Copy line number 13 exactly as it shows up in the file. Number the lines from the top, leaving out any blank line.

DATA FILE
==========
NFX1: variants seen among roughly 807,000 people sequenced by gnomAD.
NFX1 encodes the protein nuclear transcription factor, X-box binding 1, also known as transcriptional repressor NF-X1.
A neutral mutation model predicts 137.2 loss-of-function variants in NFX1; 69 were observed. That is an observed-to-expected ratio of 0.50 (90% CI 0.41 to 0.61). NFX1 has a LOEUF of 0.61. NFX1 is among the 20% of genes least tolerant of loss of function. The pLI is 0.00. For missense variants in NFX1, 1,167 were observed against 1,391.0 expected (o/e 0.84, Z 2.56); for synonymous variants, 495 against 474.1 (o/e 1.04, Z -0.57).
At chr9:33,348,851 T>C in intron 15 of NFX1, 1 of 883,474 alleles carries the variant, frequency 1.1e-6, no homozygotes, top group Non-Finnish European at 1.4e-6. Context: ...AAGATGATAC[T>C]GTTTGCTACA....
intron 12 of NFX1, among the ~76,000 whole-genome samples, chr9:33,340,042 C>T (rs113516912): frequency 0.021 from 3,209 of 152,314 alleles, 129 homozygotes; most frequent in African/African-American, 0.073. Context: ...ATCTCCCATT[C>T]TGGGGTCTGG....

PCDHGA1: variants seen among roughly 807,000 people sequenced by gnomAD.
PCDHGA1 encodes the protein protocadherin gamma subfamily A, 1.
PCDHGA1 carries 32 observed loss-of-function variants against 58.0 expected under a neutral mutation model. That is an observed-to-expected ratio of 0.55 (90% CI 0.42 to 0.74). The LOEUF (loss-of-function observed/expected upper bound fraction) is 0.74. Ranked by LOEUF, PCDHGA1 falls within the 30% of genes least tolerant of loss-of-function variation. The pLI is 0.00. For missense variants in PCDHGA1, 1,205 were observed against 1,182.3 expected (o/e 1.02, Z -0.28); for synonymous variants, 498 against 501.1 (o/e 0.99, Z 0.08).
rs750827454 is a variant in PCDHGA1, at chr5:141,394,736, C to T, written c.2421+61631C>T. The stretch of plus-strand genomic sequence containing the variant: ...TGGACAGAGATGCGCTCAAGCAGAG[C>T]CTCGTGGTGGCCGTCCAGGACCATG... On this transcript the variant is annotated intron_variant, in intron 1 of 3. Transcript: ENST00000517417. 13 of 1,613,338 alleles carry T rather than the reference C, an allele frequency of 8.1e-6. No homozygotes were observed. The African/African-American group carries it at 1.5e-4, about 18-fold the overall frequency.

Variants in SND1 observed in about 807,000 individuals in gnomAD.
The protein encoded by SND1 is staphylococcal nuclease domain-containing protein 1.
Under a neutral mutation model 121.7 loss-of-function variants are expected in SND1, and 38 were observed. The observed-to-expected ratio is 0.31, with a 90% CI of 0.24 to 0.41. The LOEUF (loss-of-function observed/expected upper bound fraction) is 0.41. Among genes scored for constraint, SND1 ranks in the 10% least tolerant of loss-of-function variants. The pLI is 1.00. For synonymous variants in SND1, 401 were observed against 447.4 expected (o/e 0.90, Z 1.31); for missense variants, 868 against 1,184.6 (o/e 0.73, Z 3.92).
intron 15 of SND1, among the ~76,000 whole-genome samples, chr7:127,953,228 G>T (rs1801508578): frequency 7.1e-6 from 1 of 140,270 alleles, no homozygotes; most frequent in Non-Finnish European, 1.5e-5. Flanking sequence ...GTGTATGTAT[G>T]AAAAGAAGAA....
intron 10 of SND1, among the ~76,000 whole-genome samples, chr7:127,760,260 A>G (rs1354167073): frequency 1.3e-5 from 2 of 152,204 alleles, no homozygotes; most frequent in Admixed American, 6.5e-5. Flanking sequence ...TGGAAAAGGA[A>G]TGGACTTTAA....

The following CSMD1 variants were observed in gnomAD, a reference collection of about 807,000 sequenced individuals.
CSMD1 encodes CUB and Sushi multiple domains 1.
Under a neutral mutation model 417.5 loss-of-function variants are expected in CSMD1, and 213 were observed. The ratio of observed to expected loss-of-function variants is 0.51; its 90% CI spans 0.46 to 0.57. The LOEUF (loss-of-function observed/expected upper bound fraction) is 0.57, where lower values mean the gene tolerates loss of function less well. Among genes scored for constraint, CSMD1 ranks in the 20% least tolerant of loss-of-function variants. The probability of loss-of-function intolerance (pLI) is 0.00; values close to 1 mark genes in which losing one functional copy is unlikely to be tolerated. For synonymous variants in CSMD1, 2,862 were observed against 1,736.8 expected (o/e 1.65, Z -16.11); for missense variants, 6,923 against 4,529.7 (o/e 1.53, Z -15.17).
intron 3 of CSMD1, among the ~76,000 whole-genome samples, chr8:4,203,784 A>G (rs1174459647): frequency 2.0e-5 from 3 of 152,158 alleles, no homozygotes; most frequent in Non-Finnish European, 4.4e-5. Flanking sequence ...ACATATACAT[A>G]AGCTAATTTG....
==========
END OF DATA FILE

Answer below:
intron 15 of SND1, among the ~76,000 whole-genome samples, chr7:127,953,228 G>T (rs1801508578): frequency 7.1e-6 from 1 of 140,270 alleles, no homozygotes; most frequent in Non-Finnish European, 1.5e-5. Flanking sequence ...GTGTATGTAT[G>T]AAAAGAAGAA....